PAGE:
Learn English – “in sufficient numbers” OR “in/a sufficient number”


The extract below is from an essay written by a private student of mine. The topic is about the measures a college could adopt to make it more environmentally friendly.

Most of the colleges don't go further than the simple "paper" and "plastic" bins, which, in most of the cases, are not even in sufficient number to cover all the structures attended by students.

I am uncertain about the words in bold, should it be:

  1. are … in sufficient numbers
  2. are… a sufficient number
  3. None of the above. The original is acceptable
    Most…are… in sufficient number

The term number is usually singular when it precedes a countable noun; e.g., a/the number of bins, a/the number of colleges, but what if it follows the subject? Should number become numbers?

I could rephrase that particular section:

the number of which, in most cases, is insufficient to cover…

But I would like to keep the word order and sentence structure as close as possible to the original.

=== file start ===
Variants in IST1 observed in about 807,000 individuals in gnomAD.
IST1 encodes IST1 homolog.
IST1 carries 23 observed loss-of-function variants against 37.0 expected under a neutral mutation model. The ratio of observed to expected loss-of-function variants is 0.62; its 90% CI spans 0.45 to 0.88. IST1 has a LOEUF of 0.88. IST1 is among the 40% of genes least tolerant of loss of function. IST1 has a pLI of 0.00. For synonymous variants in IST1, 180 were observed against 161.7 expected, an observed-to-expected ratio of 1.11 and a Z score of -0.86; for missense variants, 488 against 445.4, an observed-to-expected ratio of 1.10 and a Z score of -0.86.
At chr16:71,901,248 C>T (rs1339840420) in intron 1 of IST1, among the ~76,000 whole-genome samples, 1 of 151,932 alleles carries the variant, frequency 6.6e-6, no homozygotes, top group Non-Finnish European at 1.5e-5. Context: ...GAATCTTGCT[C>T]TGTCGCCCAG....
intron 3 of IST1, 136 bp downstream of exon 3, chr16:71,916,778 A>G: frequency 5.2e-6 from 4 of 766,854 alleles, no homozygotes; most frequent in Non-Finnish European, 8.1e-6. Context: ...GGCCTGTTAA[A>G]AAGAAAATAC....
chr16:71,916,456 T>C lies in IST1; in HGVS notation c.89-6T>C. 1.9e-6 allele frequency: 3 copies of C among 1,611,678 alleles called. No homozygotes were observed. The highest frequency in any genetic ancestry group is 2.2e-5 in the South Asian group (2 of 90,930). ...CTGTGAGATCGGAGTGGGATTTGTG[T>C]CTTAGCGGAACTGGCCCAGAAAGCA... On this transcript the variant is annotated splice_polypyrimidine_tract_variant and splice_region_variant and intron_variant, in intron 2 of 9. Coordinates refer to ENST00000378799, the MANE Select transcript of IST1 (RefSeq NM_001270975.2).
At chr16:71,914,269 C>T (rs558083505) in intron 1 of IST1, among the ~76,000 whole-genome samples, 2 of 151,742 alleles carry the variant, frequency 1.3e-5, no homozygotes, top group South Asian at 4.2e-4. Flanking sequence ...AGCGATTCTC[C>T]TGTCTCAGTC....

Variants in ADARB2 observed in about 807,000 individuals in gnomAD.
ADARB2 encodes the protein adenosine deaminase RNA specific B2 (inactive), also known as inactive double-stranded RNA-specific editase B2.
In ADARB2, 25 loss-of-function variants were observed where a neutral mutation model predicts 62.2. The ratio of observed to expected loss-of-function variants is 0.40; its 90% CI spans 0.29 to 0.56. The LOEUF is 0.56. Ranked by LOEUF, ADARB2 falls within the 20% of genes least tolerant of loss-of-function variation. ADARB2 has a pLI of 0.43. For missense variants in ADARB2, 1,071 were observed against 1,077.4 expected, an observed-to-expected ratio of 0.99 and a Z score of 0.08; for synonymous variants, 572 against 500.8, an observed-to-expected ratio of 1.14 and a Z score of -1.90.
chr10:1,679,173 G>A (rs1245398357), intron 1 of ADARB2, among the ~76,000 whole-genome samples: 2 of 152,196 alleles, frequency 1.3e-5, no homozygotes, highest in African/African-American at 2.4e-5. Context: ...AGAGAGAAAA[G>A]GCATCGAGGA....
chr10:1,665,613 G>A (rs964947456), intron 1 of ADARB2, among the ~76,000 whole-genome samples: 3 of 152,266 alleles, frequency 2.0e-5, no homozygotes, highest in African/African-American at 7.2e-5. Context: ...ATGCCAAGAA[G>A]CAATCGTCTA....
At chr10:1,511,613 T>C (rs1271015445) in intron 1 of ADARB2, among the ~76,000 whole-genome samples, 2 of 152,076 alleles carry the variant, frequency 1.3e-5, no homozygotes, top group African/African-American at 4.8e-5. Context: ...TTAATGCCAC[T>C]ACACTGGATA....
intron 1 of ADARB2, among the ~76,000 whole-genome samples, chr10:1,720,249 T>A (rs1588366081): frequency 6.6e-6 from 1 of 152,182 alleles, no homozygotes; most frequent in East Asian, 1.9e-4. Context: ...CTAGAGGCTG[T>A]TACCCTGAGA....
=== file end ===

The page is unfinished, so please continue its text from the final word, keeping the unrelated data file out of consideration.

Please help, I've been working quite a bit during the summer and my brain is totally fritto (fried), I just can't figure this one out.

Best Answer

Stripping away most of the unnecessary words, we have: "... bins are not in sufficient number", which seems awkward in that bins is plural and not in sufficient number feels singular. The following works better:

... bins are not present in sufficient number...

It has the added advantage of meeting your desire to keep the word order and sentence structure as close as possible to the original: all you have to do is substitute present for even.